Improving Ratoon Crop in Extended Drought
Major Cyclone 30-ft shredder allows Gertsons to increase efficiency managing rice stubble leading to improved ratoon crop in Texas rice belt.
Fourth generation Wharton County, Texas, rice farmer and cattleman Stephen Gertson kicks the dirt next to his farm shop in Lissie, Texas, and watches a small plume of dust drift off in the wind. The land is flat. There are very few trees and even less water. Therein lies the problem.
“When you farm rice, you’ve got to have water,” says Gertson, who farms with his brothers, Danny, Ronald, John and their dad, Dan. Their spouses also work the farm. It’s a true family operation. “We usually harvest two rice crops each year.”
The work starts in January or early February with an application of a pre-plant fertilizer. Typically, a good rain will incorporate the application leading to a good surface pack. After an application of fertilizer, the Gertsons will begin planting on the stale seedbed usually around the 15th of March.
“It’ll take us from early March to the middle of April to get all our acreage planted if Mother Nature cooperates,” said Gertson. “Part of our production we grow as contracted seed rice and the rest is paddy rice.”
After the first crop is cut, they “close up the holes” in the levees, reflood and begin farming toward their ratoon, or second crop, which is usually harvested in late October or early November.
In 2022, the Gertons could only second crop on ground they could flood with ground water from their wells that are as deep as 800 feet, with pumps set around 300 feet.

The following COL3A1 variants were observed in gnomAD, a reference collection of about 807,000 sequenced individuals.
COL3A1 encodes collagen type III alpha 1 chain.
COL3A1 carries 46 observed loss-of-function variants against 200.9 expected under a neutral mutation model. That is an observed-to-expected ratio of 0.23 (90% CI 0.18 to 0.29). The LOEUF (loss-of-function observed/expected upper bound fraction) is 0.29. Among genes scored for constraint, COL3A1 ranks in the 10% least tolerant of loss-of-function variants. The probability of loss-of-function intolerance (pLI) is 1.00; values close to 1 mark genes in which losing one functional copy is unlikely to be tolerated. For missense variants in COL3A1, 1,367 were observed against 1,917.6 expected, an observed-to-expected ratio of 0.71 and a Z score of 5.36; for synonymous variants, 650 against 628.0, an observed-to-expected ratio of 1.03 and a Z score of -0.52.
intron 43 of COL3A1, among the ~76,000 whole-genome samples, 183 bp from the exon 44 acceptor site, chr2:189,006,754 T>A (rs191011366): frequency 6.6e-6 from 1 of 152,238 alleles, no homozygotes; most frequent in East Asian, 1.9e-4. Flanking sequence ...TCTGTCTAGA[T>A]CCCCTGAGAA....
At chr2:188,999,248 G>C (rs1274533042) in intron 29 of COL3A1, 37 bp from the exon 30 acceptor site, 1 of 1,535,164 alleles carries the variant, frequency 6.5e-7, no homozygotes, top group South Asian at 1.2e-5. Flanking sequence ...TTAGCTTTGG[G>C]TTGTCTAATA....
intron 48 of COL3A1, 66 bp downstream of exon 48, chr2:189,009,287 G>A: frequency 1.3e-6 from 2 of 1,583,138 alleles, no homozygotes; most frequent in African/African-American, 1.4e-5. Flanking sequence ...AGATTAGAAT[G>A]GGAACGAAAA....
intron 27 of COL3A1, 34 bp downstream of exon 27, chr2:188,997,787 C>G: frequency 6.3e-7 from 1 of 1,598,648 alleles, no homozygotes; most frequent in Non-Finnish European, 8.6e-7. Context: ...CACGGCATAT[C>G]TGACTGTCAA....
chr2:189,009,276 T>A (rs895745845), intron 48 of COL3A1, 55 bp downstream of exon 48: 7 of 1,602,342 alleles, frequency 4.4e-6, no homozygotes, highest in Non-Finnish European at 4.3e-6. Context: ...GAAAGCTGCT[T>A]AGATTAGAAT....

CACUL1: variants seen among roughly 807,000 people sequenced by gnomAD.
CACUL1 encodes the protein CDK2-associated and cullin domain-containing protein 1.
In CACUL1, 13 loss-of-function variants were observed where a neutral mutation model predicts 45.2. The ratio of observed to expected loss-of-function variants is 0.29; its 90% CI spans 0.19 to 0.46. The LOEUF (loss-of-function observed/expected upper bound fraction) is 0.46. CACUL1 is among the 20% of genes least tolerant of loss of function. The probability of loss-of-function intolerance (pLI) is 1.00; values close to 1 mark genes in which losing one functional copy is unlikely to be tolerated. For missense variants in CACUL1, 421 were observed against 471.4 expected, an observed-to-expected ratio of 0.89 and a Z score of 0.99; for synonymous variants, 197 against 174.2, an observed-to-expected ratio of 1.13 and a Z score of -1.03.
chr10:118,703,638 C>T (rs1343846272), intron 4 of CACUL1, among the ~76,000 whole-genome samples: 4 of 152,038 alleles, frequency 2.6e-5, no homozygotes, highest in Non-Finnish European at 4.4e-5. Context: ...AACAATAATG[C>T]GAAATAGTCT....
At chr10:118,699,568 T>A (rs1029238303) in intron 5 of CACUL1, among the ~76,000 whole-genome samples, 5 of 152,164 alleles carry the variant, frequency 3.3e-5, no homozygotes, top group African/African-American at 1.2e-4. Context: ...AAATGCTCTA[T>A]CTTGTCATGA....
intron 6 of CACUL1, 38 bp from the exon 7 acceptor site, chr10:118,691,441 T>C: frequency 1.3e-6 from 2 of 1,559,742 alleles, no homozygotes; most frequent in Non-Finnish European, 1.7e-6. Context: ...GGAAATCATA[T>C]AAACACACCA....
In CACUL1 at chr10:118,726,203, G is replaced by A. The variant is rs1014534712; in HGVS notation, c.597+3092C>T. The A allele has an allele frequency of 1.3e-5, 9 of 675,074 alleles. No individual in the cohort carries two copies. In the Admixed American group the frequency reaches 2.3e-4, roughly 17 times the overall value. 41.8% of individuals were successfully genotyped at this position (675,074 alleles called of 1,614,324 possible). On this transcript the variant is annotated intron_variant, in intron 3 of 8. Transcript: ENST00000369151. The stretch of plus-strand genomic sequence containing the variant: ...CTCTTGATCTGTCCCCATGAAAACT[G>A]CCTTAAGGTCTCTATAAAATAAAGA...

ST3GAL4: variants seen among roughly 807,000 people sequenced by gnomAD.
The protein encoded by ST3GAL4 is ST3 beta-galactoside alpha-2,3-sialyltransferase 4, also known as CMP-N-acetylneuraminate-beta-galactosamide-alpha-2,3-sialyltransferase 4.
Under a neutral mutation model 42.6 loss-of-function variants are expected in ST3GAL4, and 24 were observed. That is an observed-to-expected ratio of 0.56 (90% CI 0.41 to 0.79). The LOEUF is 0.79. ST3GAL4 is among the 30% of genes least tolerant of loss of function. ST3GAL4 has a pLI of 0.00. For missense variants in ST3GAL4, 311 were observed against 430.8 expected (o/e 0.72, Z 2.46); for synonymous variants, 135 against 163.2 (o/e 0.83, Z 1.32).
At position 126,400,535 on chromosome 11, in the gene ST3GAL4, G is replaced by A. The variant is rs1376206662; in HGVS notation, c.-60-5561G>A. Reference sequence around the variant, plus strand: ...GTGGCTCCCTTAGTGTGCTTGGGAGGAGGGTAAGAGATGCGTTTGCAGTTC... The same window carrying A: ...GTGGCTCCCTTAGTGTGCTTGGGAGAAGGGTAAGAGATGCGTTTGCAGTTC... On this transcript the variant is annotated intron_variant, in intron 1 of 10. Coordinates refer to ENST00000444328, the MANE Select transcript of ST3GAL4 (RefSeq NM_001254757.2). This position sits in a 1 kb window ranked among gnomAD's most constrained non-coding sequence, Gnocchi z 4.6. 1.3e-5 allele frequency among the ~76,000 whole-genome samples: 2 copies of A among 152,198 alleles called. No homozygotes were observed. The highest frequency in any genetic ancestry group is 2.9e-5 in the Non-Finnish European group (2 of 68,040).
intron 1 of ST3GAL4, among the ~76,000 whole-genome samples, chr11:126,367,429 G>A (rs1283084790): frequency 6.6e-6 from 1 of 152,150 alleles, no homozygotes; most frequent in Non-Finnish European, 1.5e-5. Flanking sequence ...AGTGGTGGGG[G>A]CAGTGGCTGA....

“The aquifer our wells pull from is closely monitored and there are strict limits on how much we are allowed to pump,” said Gertson. “We are in an 18-month drought with no end forecasted in the near future. Two of the Highland Lakes, Buchanan and Travis, are the region’s water supply reservoirs pressured by more than 1 million people as well as business, industries, the environment and agriculture in the lower Colorado River basin. Currently, both of those lakes are much lower than usual. That will also limit our water availability in the 2023 production year.”
“Industrial growth in Austin is placing added pressure on already limited water supplies from the Colorado,” said Gertson. “Water battles have been going on around here for decades.”
Efficiency gains with new Major Cyclone
All the rice ground farmed by the Gertsons has been precision leveled to improve water use efficiency.
“Laser-controlled land levelling helped us reduce the amount of water we need each year to produce a rice crop,” said Gertson. “We saw improved crop establishment and increases in our grain yield and quality thanks in no small part to our gains in water use efficiency.”
By mid-May, all rice ground will be in permanent flood until mid-July when they open the levees. Ten days later, combines will roll to harvest the season’s first crop. By the middle of August, levees are closed and water is pumped in to reflood and begin working toward their ratoon harvest.
The Gertsons had been using a flail shredder to manage rice stubble post-harvest. It was getting long in the tooth, seemed to get out of balance often, and the machine’s gear boxes gave them more problems than they had time to deal with. So, they began searching the internet for options.